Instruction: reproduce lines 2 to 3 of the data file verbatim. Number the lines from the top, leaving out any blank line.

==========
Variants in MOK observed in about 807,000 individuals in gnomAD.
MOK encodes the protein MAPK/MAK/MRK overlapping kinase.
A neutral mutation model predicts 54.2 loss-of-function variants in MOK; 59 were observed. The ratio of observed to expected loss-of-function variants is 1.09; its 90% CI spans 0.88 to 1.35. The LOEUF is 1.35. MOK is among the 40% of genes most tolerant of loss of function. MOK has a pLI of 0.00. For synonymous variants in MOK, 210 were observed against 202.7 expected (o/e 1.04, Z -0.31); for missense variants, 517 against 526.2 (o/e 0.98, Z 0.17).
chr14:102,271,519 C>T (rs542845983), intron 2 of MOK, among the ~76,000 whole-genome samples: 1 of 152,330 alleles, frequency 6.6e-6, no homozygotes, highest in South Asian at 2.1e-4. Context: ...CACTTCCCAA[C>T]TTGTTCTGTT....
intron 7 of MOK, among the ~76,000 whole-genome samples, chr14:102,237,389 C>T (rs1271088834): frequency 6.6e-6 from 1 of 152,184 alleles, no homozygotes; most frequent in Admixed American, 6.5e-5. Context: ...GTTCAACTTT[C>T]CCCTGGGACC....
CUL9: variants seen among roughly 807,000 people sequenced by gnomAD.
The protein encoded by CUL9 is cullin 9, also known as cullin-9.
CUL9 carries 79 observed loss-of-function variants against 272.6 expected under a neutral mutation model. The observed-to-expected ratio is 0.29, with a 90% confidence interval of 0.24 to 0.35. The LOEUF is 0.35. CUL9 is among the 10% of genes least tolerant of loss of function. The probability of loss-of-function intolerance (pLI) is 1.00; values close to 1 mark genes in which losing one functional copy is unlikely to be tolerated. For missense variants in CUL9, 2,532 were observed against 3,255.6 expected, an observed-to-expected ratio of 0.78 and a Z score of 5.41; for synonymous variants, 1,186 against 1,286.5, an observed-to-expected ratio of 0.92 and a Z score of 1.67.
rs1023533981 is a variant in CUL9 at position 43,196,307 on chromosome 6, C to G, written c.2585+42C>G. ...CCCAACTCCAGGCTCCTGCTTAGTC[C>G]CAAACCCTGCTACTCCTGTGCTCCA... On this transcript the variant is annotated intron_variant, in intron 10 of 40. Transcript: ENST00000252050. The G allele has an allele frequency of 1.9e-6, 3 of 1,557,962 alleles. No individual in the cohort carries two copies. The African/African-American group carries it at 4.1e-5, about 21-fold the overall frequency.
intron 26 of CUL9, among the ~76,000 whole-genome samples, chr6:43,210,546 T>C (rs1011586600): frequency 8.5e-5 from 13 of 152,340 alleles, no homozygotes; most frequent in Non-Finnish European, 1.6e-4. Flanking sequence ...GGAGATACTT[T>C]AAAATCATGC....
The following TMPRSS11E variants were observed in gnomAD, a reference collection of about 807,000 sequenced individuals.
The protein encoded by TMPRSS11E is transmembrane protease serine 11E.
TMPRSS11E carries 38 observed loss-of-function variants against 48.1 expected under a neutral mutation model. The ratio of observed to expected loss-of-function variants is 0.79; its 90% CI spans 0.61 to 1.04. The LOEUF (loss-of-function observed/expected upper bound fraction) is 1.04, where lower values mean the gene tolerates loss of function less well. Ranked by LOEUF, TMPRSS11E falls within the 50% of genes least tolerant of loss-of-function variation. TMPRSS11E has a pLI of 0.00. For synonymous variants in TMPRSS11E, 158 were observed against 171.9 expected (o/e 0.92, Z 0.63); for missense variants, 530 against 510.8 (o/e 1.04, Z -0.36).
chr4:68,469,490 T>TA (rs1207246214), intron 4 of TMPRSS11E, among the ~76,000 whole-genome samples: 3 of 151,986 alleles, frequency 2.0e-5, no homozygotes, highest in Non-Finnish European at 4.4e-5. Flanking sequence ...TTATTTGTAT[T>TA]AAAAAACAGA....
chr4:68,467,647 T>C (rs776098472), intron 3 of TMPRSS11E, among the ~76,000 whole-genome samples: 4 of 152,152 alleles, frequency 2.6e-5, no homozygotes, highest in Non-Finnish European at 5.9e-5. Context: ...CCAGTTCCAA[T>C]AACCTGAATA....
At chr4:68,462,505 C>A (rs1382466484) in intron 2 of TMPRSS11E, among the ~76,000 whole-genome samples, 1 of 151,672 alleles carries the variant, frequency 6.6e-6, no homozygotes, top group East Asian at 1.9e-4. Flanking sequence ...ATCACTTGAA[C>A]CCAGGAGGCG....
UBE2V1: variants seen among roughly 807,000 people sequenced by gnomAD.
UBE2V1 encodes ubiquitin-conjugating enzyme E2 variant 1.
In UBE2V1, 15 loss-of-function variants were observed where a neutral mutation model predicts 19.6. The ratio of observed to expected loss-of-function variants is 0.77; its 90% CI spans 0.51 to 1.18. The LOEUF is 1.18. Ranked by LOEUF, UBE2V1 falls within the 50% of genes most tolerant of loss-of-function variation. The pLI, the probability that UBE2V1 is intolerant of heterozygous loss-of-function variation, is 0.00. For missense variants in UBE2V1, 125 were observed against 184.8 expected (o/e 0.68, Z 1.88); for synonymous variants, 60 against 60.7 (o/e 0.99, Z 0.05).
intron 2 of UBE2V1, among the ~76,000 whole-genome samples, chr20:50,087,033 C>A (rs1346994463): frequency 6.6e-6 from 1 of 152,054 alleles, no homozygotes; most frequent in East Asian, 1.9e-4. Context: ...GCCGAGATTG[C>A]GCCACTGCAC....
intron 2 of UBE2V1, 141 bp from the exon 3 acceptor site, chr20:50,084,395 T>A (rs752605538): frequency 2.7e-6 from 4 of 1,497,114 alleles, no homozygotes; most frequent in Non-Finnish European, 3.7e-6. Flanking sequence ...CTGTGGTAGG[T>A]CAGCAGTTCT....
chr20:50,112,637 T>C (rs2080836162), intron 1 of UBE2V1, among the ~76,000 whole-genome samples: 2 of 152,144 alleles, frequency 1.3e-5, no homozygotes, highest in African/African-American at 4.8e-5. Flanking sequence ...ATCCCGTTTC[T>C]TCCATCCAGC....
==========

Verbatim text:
MOK encodes the protein MAPK/MAK/MRK overlapping kinase.
A neutral mutation model predicts 54.2 loss-of-function variants in MOK; 59 were observed. The ratio of observed to expected loss-of-function variants is 1.09; its 90% CI spans 0.88 to 1.35. The LOEUF is 1.35. MOK is among the 40% of genes most tolerant of loss of function. MOK has a pLI of 0.00. For synonymous variants in MOK, 210 were observed against 202.7 expected (o/e 1.04, Z -0.31); for missense variants, 517 against 526.2 (o/e 0.98, Z 0.17).